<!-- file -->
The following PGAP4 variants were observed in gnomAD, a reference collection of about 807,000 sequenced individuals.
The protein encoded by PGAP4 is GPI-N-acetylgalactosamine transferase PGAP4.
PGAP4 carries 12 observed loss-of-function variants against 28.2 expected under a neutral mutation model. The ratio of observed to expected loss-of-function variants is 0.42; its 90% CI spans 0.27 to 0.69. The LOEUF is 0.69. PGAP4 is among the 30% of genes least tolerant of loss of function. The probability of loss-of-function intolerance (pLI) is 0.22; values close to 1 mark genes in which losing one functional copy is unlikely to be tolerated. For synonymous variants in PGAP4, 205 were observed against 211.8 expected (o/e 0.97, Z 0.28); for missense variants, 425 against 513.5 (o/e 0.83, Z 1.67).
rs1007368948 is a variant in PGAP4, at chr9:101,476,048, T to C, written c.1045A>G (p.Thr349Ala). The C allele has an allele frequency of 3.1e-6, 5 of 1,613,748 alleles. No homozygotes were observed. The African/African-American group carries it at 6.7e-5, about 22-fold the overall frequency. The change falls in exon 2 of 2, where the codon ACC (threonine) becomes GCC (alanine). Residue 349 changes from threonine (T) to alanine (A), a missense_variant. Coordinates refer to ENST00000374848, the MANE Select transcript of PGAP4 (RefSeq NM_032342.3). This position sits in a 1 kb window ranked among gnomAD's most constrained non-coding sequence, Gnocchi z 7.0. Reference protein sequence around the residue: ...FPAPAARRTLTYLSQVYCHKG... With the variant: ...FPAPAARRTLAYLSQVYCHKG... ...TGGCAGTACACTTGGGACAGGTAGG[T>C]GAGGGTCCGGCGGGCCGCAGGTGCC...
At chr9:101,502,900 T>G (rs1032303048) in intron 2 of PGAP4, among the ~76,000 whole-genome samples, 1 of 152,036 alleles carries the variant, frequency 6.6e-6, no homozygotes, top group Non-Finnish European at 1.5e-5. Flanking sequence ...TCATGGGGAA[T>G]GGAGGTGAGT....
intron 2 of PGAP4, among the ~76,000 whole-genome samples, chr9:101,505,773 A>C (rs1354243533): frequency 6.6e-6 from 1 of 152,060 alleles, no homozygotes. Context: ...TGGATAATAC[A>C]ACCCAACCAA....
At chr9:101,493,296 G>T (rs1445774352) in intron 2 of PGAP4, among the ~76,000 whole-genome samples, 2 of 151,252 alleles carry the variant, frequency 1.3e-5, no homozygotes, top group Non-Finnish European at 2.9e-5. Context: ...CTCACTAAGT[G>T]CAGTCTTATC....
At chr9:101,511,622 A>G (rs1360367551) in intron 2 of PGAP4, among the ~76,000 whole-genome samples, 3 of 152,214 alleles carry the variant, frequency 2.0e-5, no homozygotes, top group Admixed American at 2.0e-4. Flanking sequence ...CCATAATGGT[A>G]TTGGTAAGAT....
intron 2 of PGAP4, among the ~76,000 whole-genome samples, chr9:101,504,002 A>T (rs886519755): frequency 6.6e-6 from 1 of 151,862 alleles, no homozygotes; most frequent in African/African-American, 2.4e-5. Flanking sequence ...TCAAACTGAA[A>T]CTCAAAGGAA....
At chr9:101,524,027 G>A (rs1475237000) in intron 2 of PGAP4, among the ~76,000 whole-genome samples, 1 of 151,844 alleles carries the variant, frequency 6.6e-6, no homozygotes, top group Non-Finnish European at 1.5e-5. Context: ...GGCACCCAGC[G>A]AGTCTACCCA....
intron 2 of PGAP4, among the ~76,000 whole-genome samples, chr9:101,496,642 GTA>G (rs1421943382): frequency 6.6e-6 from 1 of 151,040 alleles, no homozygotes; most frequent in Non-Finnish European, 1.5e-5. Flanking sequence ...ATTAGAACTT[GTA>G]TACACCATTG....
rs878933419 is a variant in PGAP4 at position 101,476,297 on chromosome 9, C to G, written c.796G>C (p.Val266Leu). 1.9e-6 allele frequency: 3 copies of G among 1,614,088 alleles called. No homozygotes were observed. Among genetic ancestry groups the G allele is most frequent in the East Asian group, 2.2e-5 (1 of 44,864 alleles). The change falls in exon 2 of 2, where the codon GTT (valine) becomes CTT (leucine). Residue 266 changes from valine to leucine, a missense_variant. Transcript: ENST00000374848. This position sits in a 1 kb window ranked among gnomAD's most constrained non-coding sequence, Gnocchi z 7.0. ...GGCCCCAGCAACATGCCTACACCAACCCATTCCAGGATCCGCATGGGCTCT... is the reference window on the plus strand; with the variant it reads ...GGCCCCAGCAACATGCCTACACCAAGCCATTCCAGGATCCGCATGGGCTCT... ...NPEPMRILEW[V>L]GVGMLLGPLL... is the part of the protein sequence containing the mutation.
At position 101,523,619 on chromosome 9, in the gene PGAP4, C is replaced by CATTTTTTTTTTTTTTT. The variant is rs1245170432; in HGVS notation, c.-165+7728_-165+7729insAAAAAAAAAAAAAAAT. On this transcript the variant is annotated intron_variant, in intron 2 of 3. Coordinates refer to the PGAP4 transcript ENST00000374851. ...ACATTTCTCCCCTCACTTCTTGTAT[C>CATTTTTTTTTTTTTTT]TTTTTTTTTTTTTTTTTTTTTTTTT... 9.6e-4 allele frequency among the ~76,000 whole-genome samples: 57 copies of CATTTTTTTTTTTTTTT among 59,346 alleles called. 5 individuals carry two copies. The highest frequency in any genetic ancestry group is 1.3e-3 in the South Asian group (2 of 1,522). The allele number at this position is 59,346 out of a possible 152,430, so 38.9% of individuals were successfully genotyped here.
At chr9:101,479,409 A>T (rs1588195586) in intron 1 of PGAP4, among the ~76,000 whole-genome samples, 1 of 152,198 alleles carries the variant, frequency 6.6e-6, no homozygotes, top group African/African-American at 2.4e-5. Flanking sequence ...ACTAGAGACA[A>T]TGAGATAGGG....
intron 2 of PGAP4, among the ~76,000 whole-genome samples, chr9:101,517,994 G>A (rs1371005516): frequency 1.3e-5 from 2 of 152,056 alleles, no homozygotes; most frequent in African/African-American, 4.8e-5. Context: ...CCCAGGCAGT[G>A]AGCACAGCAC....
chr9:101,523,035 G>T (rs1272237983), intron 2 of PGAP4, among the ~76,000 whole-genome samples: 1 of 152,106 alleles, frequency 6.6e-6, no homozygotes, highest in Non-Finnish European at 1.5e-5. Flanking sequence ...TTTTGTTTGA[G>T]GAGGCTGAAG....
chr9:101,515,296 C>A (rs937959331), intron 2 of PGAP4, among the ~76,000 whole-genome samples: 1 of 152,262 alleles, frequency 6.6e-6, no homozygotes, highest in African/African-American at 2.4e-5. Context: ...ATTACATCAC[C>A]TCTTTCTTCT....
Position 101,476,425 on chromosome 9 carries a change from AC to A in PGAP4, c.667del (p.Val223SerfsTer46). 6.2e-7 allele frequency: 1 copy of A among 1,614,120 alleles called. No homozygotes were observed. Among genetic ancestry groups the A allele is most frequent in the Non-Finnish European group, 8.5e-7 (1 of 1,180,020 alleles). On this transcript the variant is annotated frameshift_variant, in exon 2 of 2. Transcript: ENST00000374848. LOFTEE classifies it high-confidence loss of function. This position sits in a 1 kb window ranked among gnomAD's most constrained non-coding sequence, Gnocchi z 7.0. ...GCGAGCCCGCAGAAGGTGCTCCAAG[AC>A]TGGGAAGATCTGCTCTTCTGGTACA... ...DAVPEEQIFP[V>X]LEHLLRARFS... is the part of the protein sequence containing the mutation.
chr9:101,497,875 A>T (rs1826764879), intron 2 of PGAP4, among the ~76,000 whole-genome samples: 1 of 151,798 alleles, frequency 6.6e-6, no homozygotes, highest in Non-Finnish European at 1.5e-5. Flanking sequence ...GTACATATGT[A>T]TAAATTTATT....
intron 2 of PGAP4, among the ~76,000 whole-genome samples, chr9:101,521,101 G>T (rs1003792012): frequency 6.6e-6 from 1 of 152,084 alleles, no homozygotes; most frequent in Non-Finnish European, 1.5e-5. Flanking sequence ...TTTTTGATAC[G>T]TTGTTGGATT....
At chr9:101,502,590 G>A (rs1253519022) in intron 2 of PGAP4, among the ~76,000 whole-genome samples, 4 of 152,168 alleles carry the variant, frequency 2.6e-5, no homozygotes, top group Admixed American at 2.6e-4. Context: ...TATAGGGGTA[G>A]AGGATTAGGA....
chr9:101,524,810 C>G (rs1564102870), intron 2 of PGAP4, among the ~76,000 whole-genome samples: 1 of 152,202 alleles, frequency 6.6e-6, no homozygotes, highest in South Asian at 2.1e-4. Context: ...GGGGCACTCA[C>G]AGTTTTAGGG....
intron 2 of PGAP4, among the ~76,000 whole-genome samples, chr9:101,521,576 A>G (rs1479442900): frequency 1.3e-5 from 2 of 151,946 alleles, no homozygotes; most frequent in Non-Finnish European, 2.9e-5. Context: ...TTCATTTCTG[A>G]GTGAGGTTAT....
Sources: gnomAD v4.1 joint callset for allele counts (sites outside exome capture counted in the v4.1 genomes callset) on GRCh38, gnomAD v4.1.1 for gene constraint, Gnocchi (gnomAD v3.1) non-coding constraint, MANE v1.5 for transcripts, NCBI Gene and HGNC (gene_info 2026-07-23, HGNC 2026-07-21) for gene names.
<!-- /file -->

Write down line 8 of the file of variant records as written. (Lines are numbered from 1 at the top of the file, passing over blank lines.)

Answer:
At chr9:101,511,622 A>G (rs1360367551) in intron 2 of PGAP4, among the ~76,000 whole-genome samples, 3 of 152,214 alleles carry the variant, frequency 2.0e-5, no homozygotes, top group Admixed American at 2.0e-4. Flanking sequence ...CCATAATGGT[A>G]TTGGTAAGAT....